Tag archive for "sydney"

My journey in the land of Oz

Australia, Destinations

My journey in the land of Oz

No Comments 05 July 2011

This is a guest post written by Ela Krawczykowska for MyDestination.com.

As far as I know, Australia sounds as exotic as Far East countries to Europeans. But don’t worry – you don’t have to plan your journey now. Summer in Australia is from December to February!

I visited Sydney, a harbour city of Australia. For 75% of the population of Europe it’s the capital of Australia… the real one is Canberra! Sydney is very busy – beaches, cafes, bars and the harbour are ALWAYS full. But that’s the charm of the city as well.

If I wanted to tell you now about all the places you should see in Sydney, this will probably end up being a book… So I will try to include the MUST SEE list at least!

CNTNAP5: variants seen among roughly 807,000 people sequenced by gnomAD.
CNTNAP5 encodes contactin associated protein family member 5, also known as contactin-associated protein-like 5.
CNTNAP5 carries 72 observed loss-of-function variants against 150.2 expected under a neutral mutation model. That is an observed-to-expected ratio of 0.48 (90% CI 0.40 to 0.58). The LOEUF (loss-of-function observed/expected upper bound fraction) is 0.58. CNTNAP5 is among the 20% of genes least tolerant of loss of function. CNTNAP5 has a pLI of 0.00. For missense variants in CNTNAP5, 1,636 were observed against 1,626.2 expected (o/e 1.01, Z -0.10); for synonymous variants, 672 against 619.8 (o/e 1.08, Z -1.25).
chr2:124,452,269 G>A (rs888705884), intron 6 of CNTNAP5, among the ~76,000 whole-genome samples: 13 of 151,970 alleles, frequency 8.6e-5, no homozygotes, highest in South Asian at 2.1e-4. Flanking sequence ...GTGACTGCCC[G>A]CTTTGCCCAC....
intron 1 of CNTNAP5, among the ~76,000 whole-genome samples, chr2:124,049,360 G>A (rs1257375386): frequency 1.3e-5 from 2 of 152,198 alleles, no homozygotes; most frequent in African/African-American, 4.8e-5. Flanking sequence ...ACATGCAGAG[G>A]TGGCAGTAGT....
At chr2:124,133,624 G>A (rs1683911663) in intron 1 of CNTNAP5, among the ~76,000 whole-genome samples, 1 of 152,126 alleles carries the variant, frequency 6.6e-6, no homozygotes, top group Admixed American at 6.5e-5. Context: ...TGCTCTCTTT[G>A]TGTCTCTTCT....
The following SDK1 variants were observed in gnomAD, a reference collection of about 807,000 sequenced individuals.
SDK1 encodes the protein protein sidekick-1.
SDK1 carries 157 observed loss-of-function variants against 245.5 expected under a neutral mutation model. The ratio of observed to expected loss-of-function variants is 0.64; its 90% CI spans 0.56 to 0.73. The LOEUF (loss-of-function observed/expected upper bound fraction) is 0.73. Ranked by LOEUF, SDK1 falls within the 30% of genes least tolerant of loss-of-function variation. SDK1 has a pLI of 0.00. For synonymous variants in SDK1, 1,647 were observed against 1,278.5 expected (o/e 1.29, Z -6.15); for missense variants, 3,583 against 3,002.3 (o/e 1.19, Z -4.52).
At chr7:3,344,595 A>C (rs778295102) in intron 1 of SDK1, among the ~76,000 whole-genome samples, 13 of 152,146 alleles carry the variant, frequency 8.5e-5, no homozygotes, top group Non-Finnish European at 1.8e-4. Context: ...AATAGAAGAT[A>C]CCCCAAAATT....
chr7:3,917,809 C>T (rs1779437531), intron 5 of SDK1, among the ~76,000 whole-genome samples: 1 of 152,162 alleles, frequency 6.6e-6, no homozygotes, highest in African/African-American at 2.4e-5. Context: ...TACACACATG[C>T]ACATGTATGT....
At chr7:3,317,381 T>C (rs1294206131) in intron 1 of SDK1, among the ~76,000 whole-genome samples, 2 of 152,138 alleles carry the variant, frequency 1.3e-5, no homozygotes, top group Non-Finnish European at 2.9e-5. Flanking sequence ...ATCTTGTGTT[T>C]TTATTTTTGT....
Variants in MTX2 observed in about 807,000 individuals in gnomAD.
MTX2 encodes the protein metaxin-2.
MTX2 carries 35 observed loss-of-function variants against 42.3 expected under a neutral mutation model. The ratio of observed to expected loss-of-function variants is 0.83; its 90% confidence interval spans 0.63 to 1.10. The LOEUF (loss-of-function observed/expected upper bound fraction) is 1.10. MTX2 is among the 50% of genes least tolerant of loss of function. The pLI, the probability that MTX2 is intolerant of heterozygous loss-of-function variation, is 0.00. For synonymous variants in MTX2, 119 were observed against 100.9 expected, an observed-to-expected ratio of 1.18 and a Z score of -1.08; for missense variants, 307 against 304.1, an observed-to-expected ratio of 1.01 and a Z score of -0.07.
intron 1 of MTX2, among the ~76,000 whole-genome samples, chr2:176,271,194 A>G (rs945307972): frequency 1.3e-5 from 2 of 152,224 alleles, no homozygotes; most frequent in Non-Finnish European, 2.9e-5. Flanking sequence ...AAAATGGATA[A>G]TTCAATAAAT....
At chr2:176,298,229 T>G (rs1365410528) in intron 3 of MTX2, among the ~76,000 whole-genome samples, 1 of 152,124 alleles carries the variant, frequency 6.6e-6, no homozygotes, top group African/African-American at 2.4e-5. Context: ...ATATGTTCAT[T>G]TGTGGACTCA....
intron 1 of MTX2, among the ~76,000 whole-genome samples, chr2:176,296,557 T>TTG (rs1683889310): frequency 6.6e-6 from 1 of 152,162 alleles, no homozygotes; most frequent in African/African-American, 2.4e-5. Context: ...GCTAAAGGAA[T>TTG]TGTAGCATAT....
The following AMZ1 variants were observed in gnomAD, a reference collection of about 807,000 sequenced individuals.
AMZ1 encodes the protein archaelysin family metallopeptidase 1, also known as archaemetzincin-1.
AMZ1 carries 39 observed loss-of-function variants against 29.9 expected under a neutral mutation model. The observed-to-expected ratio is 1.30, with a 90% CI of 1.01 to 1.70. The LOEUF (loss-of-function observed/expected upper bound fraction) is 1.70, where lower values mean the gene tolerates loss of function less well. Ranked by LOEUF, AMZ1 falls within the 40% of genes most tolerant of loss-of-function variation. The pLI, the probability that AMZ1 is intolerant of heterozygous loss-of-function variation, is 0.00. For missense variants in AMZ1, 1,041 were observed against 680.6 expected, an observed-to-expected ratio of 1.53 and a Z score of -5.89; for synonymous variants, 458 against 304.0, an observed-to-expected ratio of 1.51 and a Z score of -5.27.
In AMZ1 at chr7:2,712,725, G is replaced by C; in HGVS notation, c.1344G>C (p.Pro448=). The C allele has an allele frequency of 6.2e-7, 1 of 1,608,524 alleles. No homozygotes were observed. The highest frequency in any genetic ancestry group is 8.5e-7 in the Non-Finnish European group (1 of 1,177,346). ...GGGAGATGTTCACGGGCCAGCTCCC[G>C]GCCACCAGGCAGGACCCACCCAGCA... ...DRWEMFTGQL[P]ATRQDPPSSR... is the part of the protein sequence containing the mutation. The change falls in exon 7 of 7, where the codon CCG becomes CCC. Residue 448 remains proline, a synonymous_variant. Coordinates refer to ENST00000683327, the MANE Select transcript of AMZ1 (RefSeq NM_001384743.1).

First thing is definitely the Sydney Opera House. It was opened by Queen Elizabeth II in 1973 and became the symbol of Australia. It has been made a UNESCO World Heritage site. I think it is fair to say that it’s one of the most popular performing arts centres in the world. And the most popular building to take a picture with!

Second iconic place in Sydney is the Sydney Harbour Bridge, or simply the Bridge. It’s like Golden Gate Bridge in San Francisco or Eiffel Tower in Paris – a symbol. It is linking the city with North Sydney. There are many different things to do around the bridge. You can cycle across, picnic under, or climb over it!

Photo courtesy of MyDestination.com

Photo courtesy of MyDestination.com